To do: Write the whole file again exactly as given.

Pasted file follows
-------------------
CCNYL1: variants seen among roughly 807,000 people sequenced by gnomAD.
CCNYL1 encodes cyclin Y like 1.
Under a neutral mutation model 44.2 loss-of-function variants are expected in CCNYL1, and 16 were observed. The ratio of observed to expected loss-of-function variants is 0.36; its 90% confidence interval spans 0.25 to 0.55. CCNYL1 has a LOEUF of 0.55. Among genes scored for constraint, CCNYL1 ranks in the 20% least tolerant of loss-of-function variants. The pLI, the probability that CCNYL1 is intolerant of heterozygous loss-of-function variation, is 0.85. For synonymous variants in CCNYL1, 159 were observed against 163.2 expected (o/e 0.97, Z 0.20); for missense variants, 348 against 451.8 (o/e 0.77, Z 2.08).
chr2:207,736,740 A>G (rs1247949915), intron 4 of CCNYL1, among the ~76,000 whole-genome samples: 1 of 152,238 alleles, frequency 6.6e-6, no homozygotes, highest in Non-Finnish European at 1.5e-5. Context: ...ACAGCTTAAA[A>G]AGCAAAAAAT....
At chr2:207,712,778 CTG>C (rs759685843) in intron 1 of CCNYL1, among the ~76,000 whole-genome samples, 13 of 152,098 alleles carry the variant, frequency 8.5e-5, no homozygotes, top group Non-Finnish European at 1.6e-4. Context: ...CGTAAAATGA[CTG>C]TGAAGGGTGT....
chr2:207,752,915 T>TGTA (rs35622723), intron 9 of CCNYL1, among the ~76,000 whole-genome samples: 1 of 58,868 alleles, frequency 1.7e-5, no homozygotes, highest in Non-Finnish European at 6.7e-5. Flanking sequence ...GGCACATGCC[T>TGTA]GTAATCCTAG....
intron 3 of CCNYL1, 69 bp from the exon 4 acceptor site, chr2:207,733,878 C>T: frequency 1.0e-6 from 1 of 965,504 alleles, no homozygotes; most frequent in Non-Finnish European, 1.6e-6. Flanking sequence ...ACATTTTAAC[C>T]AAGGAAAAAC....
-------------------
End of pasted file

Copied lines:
CCNYL1: variants seen among roughly 807,000 people sequenced by gnomAD.
CCNYL1 encodes cyclin Y like 1.
Under a neutral mutation model 44.2 loss-of-function variants are expected in CCNYL1, and 16 were observed. The ratio of observed to expected loss-of-function variants is 0.36; its 90% confidence interval spans 0.25 to 0.55. CCNYL1 has a LOEUF of 0.55. Among genes scored for constraint, CCNYL1 ranks in the 20% least tolerant of loss-of-function variants. The pLI, the probability that CCNYL1 is intolerant of heterozygous loss-of-function variation, is 0.85. For synonymous variants in CCNYL1, 159 were observed against 163.2 expected (o/e 0.97, Z 0.20); for missense variants, 348 against 451.8 (o/e 0.77, Z 2.08).
chr2:207,736,740 A>G (rs1247949915), intron 4 of CCNYL1, among the ~76,000 whole-genome samples: 1 of 152,238 alleles, frequency 6.6e-6, no homozygotes, highest in Non-Finnish European at 1.5e-5. Context: ...ACAGCTTAAA[A>G]AGCAAAAAAT....
At chr2:207,712,778 CTG>C (rs759685843) in intron 1 of CCNYL1, among the ~76,000 whole-genome samples, 13 of 152,098 alleles carry the variant, frequency 8.5e-5, no homozygotes, top group Non-Finnish European at 1.6e-4. Context: ...CGTAAAATGA[CTG>C]TGAAGGGTGT....
chr2:207,752,915 T>TGTA (rs35622723), intron 9 of CCNYL1, among the ~76,000 whole-genome samples: 1 of 58,868 alleles, frequency 1.7e-5, no homozygotes, highest in Non-Finnish European at 6.7e-5. Flanking sequence ...GGCACATGCC[T>TGTA]GTAATCCTAG....
intron 3 of CCNYL1, 69 bp from the exon 4 acceptor site, chr2:207,733,878 C>T: frequency 1.0e-6 from 1 of 965,504 alleles, no homozygotes; most frequent in Non-Finnish European, 1.6e-6. Flanking sequence ...ACATTTTAAC[C>T]AAGGAAAAAC....